Zola, second from the left, at our 2010 volunteer party.

SS: What has been the biggest challenge you’ve faced in your environmental activism career thus far?

ZBS: When I was in my first year of college at Emory University, I decided to testify in front of the Georgia Public Service Commission in order to advocate for more renewable energy options in the Georgia Integrated Resource Plan prepared by Georgia Power. This IRP determines in large part what the Georgia energy landscape will look like over three year periods of time. Before the hearing, I was told that it would be unwise to use the term climate change when giving my testimony, because it could alienate climate-skeptic politicians. Instead, I had to learn how to make economic arguments about renewable energy and how to approach energy savings from the perspective of a cost-benefit analysis. It was quite frustrating at first to give a public testimony without including information about climate change and coal emissions. Over time, however, I learned how to adapt quickly to my environment, and I have become much better at gauging how to best appeal to different kinds of audiences.

SS: What is something you’ve learned during your time working with Heal the Bay that you will take with you for the rest of your life?

ZBS: One of most important things I learned at Heal the Bay is that you don’t have to be a scientist, politician, or policy expert to have an influence on public policy and to affect environmental change. You can be a middle-school student or even an elementary-school teacher. A lot of people are too intimidated to speak up for what they believe in because they are afraid that they will come across as inarticulate and uninformed. When I first got involved in environmental activism, I was in a similar boat. I didn’t have that much knowledge about the nuances of environmental legislation and knew very little about the science behind phenomena such as overfishing and sea-level rise.  What I did have, however, was the passion to make a difference. In college, a lot of my peers are surprised that I have the courage to testify in front of politicians or approach delegates at the United Nations Climate Talks. This is largely because Heal the Bay gave me the confidence to put myself out there, even in tough situations.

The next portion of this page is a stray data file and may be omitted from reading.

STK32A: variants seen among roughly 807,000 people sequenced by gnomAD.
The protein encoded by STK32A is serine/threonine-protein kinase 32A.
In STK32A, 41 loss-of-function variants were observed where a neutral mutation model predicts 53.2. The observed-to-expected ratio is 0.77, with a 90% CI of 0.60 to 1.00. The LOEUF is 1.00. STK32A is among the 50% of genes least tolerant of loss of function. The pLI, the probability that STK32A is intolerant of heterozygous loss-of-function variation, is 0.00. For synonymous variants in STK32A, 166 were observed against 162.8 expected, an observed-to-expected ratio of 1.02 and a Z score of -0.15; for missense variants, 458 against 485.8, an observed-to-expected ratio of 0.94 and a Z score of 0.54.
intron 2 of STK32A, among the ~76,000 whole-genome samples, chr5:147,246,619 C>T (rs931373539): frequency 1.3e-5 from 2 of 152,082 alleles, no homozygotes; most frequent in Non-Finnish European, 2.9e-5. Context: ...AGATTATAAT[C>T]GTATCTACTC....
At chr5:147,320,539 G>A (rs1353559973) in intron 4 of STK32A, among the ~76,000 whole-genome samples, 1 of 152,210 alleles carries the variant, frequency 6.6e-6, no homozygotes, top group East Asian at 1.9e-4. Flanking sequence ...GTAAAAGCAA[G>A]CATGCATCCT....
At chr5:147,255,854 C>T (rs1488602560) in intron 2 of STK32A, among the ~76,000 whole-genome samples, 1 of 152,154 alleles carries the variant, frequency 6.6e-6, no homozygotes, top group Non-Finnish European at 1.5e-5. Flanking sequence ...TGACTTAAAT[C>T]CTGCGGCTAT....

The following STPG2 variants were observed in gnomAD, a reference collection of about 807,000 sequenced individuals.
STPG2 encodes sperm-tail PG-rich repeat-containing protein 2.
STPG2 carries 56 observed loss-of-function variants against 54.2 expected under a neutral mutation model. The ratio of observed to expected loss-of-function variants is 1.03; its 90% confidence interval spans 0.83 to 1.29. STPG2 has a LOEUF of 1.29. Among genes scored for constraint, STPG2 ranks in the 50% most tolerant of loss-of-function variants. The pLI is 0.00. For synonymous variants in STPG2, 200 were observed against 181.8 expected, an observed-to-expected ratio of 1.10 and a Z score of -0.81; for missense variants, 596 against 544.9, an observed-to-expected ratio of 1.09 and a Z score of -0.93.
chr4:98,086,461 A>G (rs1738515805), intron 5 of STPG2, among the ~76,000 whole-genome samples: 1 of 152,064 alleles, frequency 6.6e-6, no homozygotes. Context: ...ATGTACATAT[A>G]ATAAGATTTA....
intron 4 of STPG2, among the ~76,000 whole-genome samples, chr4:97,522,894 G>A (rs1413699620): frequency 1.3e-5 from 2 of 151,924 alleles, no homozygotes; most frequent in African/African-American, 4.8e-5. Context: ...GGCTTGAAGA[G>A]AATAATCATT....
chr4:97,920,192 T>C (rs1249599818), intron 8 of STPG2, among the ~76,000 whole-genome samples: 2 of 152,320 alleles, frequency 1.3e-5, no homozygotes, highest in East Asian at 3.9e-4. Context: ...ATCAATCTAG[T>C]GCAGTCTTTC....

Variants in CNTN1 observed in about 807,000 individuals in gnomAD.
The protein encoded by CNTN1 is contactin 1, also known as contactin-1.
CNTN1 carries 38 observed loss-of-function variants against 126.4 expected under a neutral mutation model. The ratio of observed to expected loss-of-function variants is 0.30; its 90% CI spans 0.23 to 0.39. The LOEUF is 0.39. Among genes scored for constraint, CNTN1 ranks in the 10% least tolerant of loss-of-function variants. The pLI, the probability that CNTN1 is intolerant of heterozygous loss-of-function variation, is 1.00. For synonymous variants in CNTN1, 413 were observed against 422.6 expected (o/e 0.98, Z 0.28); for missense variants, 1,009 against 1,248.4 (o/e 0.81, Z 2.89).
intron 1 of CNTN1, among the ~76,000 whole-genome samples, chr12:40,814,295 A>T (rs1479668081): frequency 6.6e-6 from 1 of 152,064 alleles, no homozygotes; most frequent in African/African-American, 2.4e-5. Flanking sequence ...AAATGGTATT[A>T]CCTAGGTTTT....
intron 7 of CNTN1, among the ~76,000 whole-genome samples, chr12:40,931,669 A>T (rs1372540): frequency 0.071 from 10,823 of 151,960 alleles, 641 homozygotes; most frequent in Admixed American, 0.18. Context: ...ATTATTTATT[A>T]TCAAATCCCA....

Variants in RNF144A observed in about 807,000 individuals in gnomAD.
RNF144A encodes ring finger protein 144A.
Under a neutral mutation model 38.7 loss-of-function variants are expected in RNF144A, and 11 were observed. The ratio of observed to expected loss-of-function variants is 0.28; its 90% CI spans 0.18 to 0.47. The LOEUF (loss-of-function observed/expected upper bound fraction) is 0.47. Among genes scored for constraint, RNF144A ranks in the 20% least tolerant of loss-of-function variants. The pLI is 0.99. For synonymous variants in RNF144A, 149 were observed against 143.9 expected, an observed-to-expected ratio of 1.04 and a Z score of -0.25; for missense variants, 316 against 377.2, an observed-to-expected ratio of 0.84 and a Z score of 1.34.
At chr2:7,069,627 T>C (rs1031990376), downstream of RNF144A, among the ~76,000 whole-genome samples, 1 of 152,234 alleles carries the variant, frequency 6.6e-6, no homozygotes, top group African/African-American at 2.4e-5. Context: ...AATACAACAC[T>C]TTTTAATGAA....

SS: How do you stay motivated in a field that’s faced with so many competing interests and obstacles?

ZBS: I always remind myself that change doesn’t happen overnight. Some of the most successful campaigns that I was involved in during my time at Heal the Bay, such as the campaign to ban plastic bags in the City of Los Angeles, were campaigns that took over 15 years to effectively implement. Persistence is key to staying motivated, even when things don’t look like they are going to work out. Often times, the most satisfying victories are the victories that were the hardest to achieve.

SS: What advice do you have for young women who are interested in pursuing a career in environmental conservation?

ZBS: I have a few really simple pieces of advice. First of all, try to find a mentor. It can feel daunting to think about pursuing a career in a field like environmental conservation, and it really helps to talk to someone who has already gone through some of the same hoops. Sarah, you are one of my biggest mentors at Heal the Bay and have continued to serve as an inspiration to me in college and beyond. Secondly, get as much practical experience as you can early on. The only way to learn about environmental activism is to participate in it directly, whether that means speaking at public hearings, starting an environmental club at your school, or simply signing up for a carbon footprint reduction challenge. The more and more opportunities you take advantage of, the more you learn about yourself as well as your strengths and weaknesses. And lastly, just go for it! You don’t need to be a seasoned environmental activist to have an opinion that matters.